In this second post in my series about creating a continuous delivery pipeline using TFS, I describe how to create a domain controller in Azure. It’s not mandatory – it’s perfectly possible to use shadow accounts and that’s how I started – however the ability to use domain accounts makes configuring all of the moving parts much simpler. It also turns out that creating a domain controller isn’t that much of a chore.
Create the VM
The first step is to create a Windows Server VM using the foundations configured in the first post in the series. I use a naming convention for groups of VMs so my domain controller is ALMDC, and since this VM won’t be doing a lot of work size A0 is fine. If you have other VMs already created, they should be deallocated so you can specify the first none-reserved IP address in the allocated range as static. For my Virtual Network in the 10.0.0.0/25 address space, this will be 10.0.0.4 – previous slots are reserved. If you create the VM using PowerShell, you can specify which IP should be static when the VM is created. If you use the Portal, you can do that later which is the technique I’ll describe here. See this article for more details.
Configure the VM for DNS
Whilst the VM is being provisioned, head over to your virtual network and select the Configure panel and add your new server and its IP address as a DNS server, as it will be also performing this role. You should end up with something like this:
Once the DC has been provisioned, you use your version of the following PowerShell command to specify a static internal IP for a previously created VM:
Get-AzureVM -ServiceName AlmCloudService -Name ALMDC | Set-AzureStaticVNetIP -IPAddress 10.0.0.4 | Update-AzureVM
This command needs to be run from an admin workstation that has been configured to work with Azure PowerShell and your Azure subscription. You need to install Azure PowerShell (easiest way is via the Microsoft Web Platform Installer) and then work through configuring it to work with your Azure subscription, details here. If all that’s too much right now, you can just make sure that your DC is the first VM in the cloud service to start so it uses the IP specified as DNS.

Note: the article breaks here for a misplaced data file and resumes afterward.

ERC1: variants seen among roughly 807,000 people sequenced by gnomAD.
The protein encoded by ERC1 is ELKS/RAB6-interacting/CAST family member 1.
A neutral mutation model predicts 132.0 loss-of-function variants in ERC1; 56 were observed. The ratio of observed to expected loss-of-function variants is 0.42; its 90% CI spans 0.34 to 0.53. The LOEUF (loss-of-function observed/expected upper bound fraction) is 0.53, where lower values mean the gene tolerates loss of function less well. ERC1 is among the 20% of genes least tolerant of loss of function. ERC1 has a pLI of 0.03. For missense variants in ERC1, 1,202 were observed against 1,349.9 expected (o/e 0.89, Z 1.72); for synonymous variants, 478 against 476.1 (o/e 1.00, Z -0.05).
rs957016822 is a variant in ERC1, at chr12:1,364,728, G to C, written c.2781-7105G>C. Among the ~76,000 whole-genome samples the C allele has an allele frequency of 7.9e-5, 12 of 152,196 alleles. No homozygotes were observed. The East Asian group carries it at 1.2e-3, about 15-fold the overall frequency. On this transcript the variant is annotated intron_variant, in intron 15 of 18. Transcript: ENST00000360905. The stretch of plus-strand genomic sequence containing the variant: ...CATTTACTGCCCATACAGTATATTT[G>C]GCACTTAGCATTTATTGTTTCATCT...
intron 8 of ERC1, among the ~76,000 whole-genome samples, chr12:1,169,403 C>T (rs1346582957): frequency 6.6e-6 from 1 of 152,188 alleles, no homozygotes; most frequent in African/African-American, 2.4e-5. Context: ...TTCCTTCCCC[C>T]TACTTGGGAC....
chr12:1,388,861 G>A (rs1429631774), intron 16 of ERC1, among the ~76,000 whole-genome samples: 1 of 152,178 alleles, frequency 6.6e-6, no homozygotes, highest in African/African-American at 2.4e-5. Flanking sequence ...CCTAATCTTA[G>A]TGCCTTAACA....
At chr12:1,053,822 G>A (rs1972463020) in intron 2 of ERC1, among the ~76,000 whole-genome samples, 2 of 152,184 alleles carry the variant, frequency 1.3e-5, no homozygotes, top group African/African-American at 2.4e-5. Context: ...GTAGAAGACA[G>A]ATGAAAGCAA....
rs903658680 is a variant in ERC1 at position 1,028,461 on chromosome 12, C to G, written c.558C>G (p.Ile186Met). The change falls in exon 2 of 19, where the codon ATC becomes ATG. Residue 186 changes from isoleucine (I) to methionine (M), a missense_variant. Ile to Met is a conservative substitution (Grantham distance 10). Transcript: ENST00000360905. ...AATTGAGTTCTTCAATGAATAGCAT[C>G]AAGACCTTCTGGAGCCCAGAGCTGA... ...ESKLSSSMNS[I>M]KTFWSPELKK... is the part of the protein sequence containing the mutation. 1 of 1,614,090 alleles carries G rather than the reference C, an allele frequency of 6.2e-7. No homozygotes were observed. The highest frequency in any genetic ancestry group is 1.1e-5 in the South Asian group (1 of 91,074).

Install and Configure Active Directory
One you are logged in to the domain controller install the Active Directory Domain Services role via Server Manager > Add roles and features. After rebooting, you will be prompted to install Active Directory and to specify a Fully Qualified Domain Name – I chose
ALM.local. Defaults can be chosen for other options. Next, install the DNS Server role. I deleted the Forwarder entries (Server Manager > DNS Manager > Tools and choose Properties from the shortcut menu of the DNS node and select the Forwarders tab) but I’m not sure now if that was absolutely necessary. You can check if everything is working by accessing a well-known website in IE. One point to note is that you shouldn’t manually change the NIC settings of an Azure VM as that can lead to all sorts of trouble.
Although I’ve mentioned previously that you need to shut down your VMs so they show their status as Stopped (Deallocated) in the portal to avoid being charged, I actually leave my DC running all the time as it only costs about £4 per month and I like to know that when I start my other VMs I have a fully functioning DC for them to connect to.
Cheers – Graham
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